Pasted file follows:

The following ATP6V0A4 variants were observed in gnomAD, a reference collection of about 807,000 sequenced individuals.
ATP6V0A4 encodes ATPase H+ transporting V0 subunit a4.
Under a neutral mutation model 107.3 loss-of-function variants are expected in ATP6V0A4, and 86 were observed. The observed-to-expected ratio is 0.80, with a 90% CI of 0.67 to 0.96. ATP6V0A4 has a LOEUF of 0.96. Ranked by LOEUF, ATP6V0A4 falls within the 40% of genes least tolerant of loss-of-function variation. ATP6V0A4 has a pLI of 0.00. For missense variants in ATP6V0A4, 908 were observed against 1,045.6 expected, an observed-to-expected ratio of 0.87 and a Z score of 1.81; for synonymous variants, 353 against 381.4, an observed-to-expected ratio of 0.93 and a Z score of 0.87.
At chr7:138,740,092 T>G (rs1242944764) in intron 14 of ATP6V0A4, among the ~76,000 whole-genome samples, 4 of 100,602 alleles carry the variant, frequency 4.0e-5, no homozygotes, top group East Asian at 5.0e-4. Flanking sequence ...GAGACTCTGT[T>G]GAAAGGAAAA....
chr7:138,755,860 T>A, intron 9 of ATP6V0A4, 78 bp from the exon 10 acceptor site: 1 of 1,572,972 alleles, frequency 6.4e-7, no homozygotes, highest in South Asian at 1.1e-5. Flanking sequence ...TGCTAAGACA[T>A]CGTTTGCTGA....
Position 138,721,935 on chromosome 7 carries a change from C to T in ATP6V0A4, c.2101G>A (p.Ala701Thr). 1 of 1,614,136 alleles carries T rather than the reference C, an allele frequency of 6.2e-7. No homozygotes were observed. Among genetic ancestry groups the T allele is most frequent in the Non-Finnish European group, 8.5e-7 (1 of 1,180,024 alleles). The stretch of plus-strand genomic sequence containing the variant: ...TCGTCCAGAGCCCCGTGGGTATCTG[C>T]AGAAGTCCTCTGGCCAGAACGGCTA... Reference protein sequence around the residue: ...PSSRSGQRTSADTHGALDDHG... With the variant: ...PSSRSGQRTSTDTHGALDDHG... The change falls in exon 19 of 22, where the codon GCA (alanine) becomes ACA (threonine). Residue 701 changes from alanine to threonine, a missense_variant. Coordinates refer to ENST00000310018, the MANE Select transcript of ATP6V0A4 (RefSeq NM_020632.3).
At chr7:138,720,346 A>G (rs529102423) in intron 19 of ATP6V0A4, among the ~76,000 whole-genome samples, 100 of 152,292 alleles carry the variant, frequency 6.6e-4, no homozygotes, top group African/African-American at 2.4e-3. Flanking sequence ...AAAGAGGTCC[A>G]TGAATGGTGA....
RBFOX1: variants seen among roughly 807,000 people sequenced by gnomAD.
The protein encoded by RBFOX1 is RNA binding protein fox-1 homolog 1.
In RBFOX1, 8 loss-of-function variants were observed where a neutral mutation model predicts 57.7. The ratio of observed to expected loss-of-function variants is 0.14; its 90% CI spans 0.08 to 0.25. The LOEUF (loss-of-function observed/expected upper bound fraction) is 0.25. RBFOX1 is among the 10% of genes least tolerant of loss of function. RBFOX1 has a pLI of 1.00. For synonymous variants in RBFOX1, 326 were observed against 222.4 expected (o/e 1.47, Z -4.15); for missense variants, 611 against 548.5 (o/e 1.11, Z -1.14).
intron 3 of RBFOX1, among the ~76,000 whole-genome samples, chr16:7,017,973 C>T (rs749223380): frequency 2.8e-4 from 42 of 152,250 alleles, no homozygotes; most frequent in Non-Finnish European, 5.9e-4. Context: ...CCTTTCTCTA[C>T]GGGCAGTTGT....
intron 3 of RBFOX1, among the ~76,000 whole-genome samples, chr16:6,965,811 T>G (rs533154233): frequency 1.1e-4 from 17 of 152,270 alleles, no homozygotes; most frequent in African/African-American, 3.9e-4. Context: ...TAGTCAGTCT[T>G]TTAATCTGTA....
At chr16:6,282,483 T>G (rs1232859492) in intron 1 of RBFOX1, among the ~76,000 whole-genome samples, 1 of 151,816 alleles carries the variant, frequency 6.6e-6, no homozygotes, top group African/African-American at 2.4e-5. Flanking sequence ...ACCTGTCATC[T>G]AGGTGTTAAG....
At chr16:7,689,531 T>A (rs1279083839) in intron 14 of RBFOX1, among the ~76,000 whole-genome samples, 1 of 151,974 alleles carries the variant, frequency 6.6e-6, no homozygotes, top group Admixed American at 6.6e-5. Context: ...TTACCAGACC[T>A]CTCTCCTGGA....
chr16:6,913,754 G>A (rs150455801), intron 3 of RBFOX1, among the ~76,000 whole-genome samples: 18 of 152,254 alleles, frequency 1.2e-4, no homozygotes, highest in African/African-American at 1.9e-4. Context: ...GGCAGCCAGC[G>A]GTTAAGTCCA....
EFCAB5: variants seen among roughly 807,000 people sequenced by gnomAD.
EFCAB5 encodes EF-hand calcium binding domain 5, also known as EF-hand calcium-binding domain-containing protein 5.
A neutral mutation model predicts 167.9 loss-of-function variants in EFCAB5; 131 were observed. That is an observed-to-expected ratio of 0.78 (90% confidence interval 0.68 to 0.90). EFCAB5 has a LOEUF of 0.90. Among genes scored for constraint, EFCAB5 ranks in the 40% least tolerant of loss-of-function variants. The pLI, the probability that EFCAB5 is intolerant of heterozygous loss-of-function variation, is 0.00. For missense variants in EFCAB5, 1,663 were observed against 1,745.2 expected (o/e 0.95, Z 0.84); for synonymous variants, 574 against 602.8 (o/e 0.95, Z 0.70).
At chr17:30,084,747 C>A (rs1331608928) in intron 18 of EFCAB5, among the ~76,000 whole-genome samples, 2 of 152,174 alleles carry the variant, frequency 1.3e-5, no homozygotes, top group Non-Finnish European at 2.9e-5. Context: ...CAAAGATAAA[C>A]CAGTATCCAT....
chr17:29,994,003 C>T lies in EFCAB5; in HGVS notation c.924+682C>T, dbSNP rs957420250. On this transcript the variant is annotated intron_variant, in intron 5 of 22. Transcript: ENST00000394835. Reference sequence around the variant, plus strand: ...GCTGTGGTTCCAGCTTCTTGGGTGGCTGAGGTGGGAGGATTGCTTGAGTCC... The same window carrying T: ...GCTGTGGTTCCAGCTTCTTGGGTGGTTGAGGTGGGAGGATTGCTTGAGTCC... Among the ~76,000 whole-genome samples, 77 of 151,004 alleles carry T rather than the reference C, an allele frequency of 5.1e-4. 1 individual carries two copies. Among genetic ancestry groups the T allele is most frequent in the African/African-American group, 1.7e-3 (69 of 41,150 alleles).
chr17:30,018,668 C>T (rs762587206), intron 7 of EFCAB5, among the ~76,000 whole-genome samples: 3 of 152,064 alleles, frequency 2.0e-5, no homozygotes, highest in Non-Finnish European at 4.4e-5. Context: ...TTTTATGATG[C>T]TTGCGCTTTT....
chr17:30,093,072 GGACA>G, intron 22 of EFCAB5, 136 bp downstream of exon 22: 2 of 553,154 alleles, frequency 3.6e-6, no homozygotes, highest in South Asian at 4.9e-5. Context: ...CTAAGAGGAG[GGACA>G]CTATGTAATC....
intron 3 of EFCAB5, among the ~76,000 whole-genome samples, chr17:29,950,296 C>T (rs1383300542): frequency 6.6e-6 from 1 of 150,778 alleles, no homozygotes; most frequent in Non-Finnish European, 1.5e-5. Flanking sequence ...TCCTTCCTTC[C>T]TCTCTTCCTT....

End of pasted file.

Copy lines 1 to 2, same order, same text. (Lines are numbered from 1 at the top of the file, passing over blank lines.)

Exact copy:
The following ATP6V0A4 variants were observed in gnomAD, a reference collection of about 807,000 sequenced individuals.
ATP6V0A4 encodes ATPase H+ transporting V0 subunit a4.